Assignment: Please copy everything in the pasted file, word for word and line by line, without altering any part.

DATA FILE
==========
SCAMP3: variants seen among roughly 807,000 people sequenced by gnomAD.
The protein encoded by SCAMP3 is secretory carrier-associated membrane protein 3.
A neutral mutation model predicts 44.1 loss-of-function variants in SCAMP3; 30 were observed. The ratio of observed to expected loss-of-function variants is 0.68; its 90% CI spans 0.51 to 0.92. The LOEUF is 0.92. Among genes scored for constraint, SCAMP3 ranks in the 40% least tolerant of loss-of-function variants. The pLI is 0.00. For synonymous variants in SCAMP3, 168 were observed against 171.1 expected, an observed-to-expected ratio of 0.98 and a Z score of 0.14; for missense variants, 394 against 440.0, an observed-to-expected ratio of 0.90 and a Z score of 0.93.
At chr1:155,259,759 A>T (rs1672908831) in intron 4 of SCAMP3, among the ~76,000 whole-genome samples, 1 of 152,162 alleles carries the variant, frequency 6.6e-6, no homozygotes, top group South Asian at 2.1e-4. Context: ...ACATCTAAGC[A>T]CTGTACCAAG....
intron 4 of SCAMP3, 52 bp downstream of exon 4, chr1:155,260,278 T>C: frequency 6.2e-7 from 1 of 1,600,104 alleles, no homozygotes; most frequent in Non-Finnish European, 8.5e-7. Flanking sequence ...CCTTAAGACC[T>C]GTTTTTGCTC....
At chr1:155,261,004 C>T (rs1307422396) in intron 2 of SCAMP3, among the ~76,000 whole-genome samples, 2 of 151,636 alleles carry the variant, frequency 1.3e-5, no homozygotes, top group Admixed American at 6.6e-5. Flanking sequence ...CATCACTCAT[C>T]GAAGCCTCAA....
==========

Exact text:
SCAMP3: variants seen among roughly 807,000 people sequenced by gnomAD.
The protein encoded by SCAMP3 is secretory carrier-associated membrane protein 3.
A neutral mutation model predicts 44.1 loss-of-function variants in SCAMP3; 30 were observed. The ratio of observed to expected loss-of-function variants is 0.68; its 90% CI spans 0.51 to 0.92. The LOEUF is 0.92. Among genes scored for constraint, SCAMP3 ranks in the 40% least tolerant of loss-of-function variants. The pLI is 0.00. For synonymous variants in SCAMP3, 168 were observed against 171.1 expected, an observed-to-expected ratio of 0.98 and a Z score of 0.14; for missense variants, 394 against 440.0, an observed-to-expected ratio of 0.90 and a Z score of 0.93.
At chr1:155,259,759 A>T (rs1672908831) in intron 4 of SCAMP3, among the ~76,000 whole-genome samples, 1 of 152,162 alleles carries the variant, frequency 6.6e-6, no homozygotes, top group South Asian at 2.1e-4. Context: ...ACATCTAAGC[A>T]CTGTACCAAG....
intron 4 of SCAMP3, 52 bp downstream of exon 4, chr1:155,260,278 T>C: frequency 6.2e-7 from 1 of 1,600,104 alleles, no homozygotes; most frequent in Non-Finnish European, 8.5e-7. Flanking sequence ...CCTTAAGACC[T>C]GTTTTTGCTC....
At chr1:155,261,004 C>T (rs1307422396) in intron 2 of SCAMP3, among the ~76,000 whole-genome samples, 2 of 151,636 alleles carry the variant, frequency 1.3e-5, no homozygotes, top group Admixed American at 6.6e-5. Flanking sequence ...CATCACTCAT[C>T]GAAGCCTCAA....